Revoltin’ Bolton and Winnin’ Winnie

In case you are tempted to read the memoir of the former national security advisor, I’ll try to dissuade you here. Not that I believe he violated any publishing standards (and I’m for an increase generally in book sales). But because he violated the standard of country over personal gain. So, what would you read instead?
Here’s one for you (more to come later): Erik Larson’s account of Churchill’s first year as prime minister, The Splendid and the Vile, a fairly consequential period from 1940 to 1941 that saw the first bombardments of Britain by the Luftwaffe, and a complex set of domestic political crises. Churchill was, of course, a complex character, and even now crowds are scribbling “racist” over his statues. All evidence on that score points to a conviction, but as national leader during an unprecedented and deadly crises, he had no match. It is a worthy effort to discover how he did this, almost day by day, hour by hour.

In Other Literary News…

In this posting, I’ll do my best to refrain from mentioning too often the happy news that after ten years of work, my biography of Sol LeWitt will come out this spring, published by Wesleyan University Press. I’ll instead offer some thoughts on some recent books that have illuminated the world in a way thatContinue Reading

Fire and Fury and Us

Once, long ago, we consoled each other about the difficulties of starting out in the writing and publishing business. Back then, I learned the curiously Manhattan term, “unspeakable,” from him. Nowadays we are old hands, but Steve Rubin (the slightly older hand), is at the very top of the game, having published Michael Wolff’s blockbuster,Continue Reading

Five Good Reads

1. Manhattan Beach, by Jennifer Egan Read this not so much for its action but for its character development. It’s always tricky to say that a book is character-driven rather than plot-driven. There is, of course, a plot in Jennifer Egan’s novel. But the reader sticks with the narrative largely because of the developing characterContinue Reading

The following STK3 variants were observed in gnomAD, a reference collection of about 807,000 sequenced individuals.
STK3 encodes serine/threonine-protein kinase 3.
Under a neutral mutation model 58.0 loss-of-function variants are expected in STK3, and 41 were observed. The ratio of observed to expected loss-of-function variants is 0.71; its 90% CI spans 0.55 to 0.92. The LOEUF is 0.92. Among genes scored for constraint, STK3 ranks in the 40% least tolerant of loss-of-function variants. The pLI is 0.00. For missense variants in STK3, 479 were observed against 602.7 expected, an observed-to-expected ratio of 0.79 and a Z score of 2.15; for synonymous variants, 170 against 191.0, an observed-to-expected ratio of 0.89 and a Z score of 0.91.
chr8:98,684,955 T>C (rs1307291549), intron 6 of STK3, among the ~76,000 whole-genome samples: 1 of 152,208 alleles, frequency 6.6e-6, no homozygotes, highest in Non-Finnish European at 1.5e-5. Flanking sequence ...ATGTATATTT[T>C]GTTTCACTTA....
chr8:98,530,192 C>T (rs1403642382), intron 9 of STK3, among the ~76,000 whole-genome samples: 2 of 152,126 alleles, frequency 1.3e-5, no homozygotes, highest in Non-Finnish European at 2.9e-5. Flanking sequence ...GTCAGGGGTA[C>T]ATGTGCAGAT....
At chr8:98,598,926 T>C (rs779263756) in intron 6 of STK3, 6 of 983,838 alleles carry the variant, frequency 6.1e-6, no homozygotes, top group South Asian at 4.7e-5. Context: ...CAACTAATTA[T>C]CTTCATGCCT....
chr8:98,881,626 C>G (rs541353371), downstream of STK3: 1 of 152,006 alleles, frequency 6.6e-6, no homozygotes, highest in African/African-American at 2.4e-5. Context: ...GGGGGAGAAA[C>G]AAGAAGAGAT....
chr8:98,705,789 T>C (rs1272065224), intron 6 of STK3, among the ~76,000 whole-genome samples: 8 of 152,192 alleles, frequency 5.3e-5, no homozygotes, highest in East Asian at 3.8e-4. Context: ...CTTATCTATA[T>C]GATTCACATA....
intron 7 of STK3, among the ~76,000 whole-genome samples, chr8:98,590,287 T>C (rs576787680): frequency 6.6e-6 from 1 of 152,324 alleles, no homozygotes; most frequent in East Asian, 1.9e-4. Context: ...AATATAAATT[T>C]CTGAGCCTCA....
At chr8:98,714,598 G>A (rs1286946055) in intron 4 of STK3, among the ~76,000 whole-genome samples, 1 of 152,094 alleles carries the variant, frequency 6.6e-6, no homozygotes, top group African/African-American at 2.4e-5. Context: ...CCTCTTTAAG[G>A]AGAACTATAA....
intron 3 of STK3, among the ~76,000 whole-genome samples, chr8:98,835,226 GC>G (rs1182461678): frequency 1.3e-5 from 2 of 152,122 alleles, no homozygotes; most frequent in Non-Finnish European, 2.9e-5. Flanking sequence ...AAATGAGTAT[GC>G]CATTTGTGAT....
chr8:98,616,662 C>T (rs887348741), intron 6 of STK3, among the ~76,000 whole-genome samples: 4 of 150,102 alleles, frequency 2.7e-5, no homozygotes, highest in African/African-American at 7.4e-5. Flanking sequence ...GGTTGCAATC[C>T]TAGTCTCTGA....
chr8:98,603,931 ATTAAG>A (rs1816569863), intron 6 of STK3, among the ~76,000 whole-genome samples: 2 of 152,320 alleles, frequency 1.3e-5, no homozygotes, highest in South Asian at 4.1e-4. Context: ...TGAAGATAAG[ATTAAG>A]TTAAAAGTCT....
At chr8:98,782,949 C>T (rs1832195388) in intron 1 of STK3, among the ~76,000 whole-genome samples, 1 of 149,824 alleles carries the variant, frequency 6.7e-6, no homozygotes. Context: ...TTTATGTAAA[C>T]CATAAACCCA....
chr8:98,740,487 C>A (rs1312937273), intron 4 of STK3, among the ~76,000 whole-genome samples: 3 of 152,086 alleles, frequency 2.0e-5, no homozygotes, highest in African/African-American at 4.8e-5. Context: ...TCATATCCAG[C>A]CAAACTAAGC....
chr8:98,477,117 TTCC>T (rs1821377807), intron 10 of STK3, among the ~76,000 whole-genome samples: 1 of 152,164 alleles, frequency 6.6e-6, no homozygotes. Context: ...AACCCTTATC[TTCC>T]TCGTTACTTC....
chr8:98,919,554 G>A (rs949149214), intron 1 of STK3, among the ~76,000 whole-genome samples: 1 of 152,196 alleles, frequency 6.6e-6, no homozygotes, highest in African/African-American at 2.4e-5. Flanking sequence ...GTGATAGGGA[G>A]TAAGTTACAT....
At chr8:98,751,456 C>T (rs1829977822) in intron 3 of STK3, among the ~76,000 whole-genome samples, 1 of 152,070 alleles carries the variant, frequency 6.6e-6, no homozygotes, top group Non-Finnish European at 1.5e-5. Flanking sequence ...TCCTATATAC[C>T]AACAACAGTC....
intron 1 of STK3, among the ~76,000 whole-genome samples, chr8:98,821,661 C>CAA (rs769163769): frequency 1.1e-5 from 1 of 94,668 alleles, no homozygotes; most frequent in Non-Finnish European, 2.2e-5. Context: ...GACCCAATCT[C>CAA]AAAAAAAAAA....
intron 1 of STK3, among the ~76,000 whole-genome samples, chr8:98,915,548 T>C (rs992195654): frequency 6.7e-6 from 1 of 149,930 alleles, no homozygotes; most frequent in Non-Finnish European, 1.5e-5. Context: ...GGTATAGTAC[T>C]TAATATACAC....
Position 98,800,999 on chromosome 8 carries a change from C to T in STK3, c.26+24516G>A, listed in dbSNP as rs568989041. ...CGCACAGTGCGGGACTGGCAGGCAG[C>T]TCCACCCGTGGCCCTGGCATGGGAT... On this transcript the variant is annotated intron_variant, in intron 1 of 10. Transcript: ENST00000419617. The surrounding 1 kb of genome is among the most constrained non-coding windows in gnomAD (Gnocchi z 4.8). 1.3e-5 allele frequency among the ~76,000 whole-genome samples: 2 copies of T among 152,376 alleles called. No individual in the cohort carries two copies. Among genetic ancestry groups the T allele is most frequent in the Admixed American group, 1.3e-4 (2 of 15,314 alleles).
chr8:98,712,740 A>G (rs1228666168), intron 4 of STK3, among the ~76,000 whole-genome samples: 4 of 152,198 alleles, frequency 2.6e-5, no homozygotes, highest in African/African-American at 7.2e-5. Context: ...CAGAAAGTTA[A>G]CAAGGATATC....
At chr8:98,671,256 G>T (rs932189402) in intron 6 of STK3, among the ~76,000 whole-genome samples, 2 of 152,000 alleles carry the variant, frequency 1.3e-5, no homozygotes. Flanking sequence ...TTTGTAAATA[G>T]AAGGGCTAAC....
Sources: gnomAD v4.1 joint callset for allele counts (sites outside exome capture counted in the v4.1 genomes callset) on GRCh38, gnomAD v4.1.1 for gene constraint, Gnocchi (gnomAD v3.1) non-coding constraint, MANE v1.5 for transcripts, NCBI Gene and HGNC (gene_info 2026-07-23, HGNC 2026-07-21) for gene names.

Writing in Future Tense

In 2027, Donald Trump is planning a fourth term as president (he has declared the Constitution illegal) and the Supreme Court can’t do anything about it because it is reduced to one doddering justice who, at more than 100 years old, has forgotten everything she knows. Read about final case to come before the courtContinue Reading

You Go Girl, Title-Wise

Anyone who read Gone Girl, or Girl on the Train, or Girl in the Dark or Girls on Fire, or the Stieg Larsson’s trilogy that began with The Girl With the Dragon Tattoo that started the girly title trend must know the irony. These are no girls, at least in the sense that, in responsibleContinue Reading

Michael Lewis and the Roundabout Reward

Today Michael Lewis’s new book, “The Undoing Project,” will be published to great fanfare, and for good reason. For writers, this event holds many lessons. One is that the old saw, “Write what you know,” now requires an expanded definition, maybe something like, “What you know is more than you think you know, and lessContinue Reading

Afraid to Live

The patrons of memoir and the players of politics seldom hang out at the same urban street corner, but they certainly do in the cases of a stunning new book by Cindy Brown Austin and the election of Donald Trump. To fully appreciate this intersection, and the potential power of eloquent words in a timeContinue Reading

In a Nutshell, Keep it a Secret

If you become a fan of Ian McEwan’s new novel, Nutshell, and I can’t see why you wouldn’t once you’ve read the very first page, you must do your best to hide your enthusiasm from certain people. As you probably know by now, this narrative is in the voice of a fetus who demonstrates aContinue Reading

All The Light We Can Research

In the back of his blockbuster novel, All the Light We Cannot See, Anthony Doerr provides an extensive acknowledgment list. It is not uncommon, of course, for authors to publicly thank those who provided support, but in the novel world it is an element seldom carried out to this extent. Anyone reading the book wondersContinue Reading